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Old May 23rd, 2008, 07:37 AM   #16
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I hear rumblings now and then that some folks feel that you don't "need" the adaptor when doing Steadicam shots. The drawbacks that I can imagine are not having a remote focus control that is up to the task as Jonny describes (or not having one at all!) and/or not having confidence in your focus puller to be able to maintain sharps. Sometimes those perfectly practical considerations get translated upwards, where people think that we must shoot Steadicam shots on notably wide lenses or deep apertures to maximize depth of field even on big shows. As an FYI, we do neither--whatever the stop is in the scene will be maintained for Steadicam, be it T1.9 or (gulp!) less. And I have gone up to a 150mm prime on the rig (shooting concerts on video, probably longer). But this is in situations where those above mentioned caveats don't apply.
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Old May 23rd, 2008, 07:51 AM   #17
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Originally Posted by Jon Palmer View Post
I'm going to play devil's advocate here and say the 'film grain' effect of an adaptor with a spinning ground glass is almost worth it alone.
Hey Jon, I agree, the light coming through that glass gets nicely bent and helps break up the sharp video image in a pleasing way. I wish I could just a get a filter that does that, a vibrating ProMist or something...

As for shallow depth of field, I prefer when it's subtle, have a harder time when it draws attention to itself.

Originally Posted by Larry Secrest View Post
My DP insist that I get an 35 mm, more precisely the Letus that she has already used.
Larry, if I were in your position right now I would want to know how footage shot with the Letus adaptor looks if it's projected to a large screen.
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Old May 23rd, 2008, 11:16 AM   #18
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It is true, I hadn't thought of the grain.
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Old June 6th, 2008, 08:18 PM   #19
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the only thing i can tell you is that something like 99.99% of the cinematography has the 35mm look.

You have 2 advantages with a 35mm adapter.

1) as you want to focus on actors, the shallow depth of field helps a lot to focus on certain parts of the image, focusing better on the actor.

2) You have a choice of lenses that go beyond a prosumer camera lens.

If used properly, your film will look much better, more pleasant to the eye and the brain and more professional.

Personally, i don't think that is good making a movie centered on the story and how the actors will convene the message, forgetting that it isn't a book, it's a movie. A MOVIE!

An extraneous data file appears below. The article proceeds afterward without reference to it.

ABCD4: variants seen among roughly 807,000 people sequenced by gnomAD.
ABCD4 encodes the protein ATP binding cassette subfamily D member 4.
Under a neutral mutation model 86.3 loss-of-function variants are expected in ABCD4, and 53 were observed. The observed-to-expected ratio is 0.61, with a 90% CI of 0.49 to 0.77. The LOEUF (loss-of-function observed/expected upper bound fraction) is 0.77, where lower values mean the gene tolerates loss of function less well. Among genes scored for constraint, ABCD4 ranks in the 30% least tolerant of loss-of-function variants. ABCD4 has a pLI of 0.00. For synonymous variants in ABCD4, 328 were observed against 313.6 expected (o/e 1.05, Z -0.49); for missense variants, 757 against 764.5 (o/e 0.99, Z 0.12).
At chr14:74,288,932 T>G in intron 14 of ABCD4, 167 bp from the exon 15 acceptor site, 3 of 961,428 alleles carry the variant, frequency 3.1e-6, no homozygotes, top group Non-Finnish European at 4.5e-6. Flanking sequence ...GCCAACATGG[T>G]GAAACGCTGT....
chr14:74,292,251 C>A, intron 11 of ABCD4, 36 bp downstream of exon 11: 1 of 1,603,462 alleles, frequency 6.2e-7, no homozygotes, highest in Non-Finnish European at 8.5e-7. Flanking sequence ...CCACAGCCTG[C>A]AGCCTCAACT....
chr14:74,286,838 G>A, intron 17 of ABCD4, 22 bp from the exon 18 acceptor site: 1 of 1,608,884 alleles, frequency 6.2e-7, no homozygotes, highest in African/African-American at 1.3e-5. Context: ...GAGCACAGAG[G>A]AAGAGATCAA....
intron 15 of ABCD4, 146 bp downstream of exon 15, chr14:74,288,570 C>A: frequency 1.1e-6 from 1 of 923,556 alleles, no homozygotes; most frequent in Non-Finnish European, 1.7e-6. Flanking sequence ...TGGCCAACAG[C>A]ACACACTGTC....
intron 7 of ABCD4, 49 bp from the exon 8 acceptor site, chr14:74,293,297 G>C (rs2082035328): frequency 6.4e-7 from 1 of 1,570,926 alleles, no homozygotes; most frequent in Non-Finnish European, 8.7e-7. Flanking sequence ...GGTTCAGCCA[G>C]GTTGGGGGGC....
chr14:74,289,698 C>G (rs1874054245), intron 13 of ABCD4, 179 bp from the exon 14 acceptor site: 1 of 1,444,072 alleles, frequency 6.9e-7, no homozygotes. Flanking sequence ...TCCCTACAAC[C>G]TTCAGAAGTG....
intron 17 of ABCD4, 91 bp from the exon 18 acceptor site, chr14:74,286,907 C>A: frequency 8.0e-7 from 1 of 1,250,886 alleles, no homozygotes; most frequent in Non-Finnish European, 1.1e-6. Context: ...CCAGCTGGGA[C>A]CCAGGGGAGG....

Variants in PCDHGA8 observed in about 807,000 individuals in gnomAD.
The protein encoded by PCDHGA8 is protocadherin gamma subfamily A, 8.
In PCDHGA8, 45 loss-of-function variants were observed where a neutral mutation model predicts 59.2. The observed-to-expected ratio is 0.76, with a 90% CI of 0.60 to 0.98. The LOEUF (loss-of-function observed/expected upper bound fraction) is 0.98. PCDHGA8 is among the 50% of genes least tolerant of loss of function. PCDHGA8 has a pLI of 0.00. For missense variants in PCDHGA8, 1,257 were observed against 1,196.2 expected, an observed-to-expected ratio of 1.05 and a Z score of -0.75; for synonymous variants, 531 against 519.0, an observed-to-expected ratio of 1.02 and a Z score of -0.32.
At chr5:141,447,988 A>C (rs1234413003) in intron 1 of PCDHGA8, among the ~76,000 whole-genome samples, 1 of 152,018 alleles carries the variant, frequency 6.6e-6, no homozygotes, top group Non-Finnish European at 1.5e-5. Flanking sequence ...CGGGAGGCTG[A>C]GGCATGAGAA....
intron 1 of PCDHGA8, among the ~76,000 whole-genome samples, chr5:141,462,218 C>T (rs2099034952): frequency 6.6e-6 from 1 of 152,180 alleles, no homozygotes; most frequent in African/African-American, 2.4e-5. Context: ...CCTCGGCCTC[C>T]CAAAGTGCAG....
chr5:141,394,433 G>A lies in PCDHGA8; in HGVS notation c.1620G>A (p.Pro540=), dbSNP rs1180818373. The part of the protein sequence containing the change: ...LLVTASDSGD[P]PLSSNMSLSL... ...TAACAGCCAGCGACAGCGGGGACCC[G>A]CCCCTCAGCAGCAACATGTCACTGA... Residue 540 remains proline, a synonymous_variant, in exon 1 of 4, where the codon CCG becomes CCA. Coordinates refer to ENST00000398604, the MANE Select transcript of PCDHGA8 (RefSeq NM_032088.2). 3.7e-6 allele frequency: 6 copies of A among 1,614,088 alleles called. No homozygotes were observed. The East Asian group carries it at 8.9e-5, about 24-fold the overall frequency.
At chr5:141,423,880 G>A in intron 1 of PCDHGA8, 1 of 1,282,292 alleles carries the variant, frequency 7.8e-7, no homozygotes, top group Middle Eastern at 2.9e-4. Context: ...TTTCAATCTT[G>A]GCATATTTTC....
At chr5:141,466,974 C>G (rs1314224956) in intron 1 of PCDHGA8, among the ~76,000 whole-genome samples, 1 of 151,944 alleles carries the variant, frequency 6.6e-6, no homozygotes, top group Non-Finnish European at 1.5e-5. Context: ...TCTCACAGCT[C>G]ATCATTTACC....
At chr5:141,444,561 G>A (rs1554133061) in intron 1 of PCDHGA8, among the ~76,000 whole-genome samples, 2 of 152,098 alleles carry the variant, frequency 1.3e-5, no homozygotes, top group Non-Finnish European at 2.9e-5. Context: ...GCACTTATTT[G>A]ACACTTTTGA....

And a movie is photography + story + actors + sound.
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Old June 6th, 2008, 10:13 PM   #20
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And in this video:
You can see a ponderate usage of a 35mm adapter. The bokeh is sometimes very subtle, but enough to create a great space depth.
You can see many shots done with a 24mm rectilinear lens, which is impossible with a prosumer camera lens, or even most broadcast lenses.

It's not only about look. It's more natural. Our eyes focus to infinite only when they watch at the infinite. So a camera with infinite d.o.f. with a person in the foreground could be interpreted by the brain as a camera watching to the background (!!). And would be annoying and unnatural.
A 35mm adapter makes the image more logical to our brain.
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Old June 7th, 2008, 12:01 AM   #21
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Somewhat playing devil's advocate here (as I too generally prefer the 35mm look when it is done tastefully), I think you are somewhat missing the point, Giovanni. Extended depth of field can be beautiful too--we have all heard the examples such as Citizen Kane. The real key is that video tends to look better when a shallow depth of field is applied, while film can handle it either way. And I would question your "99.99%" figure--there are obviously a great many projects shot on 16mm or various video format that have made it to theatrical release, and some that are quite celebrated for their visuals.

Using a 35mm adapter is unquestionably slower which can translate into less setups per day; due to the stop loss you need a larger lighting package or a different approach for interiors and night exteriors; and particularly for a film that is intended to be projected, a skilled focus puller is desired. All of these are factors that possibly compromise the other aspects of making the film on a limited budget. If one has to drop several planned setups per day or limit the number of takes due to this compromise, how may that affect the final film? What if there is a focus buzz in the middle of the best performance (where the actor spontaneously decided to move differently than he had before, and the AC did not keep up)?

The bottom line is that a well-shot film that is otherwise lacking is not a satisfactory viewing experience for most people, even those who are enthralled by visuals (I should know, as I have a shot a number of these--read this review of the first feature I shot on 35mm, particularly the last paragraph...) I do believe that if the DP knows what they are doing, they can make good-looking images with a 1/3" camera without an adaptor, and if that allows more time for the storytelling and performances, then it may just be a worthwhile compromise. A successful film will do much more for a DP's career and visibility than a mediocre one that happens to be good looking.
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Old June 8th, 2008, 08:18 PM   #22
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Yes, you should use an a adapter because your film will look much better. In your situation I would without a doubt. If your don't want your work to stand out don't buy an adapter.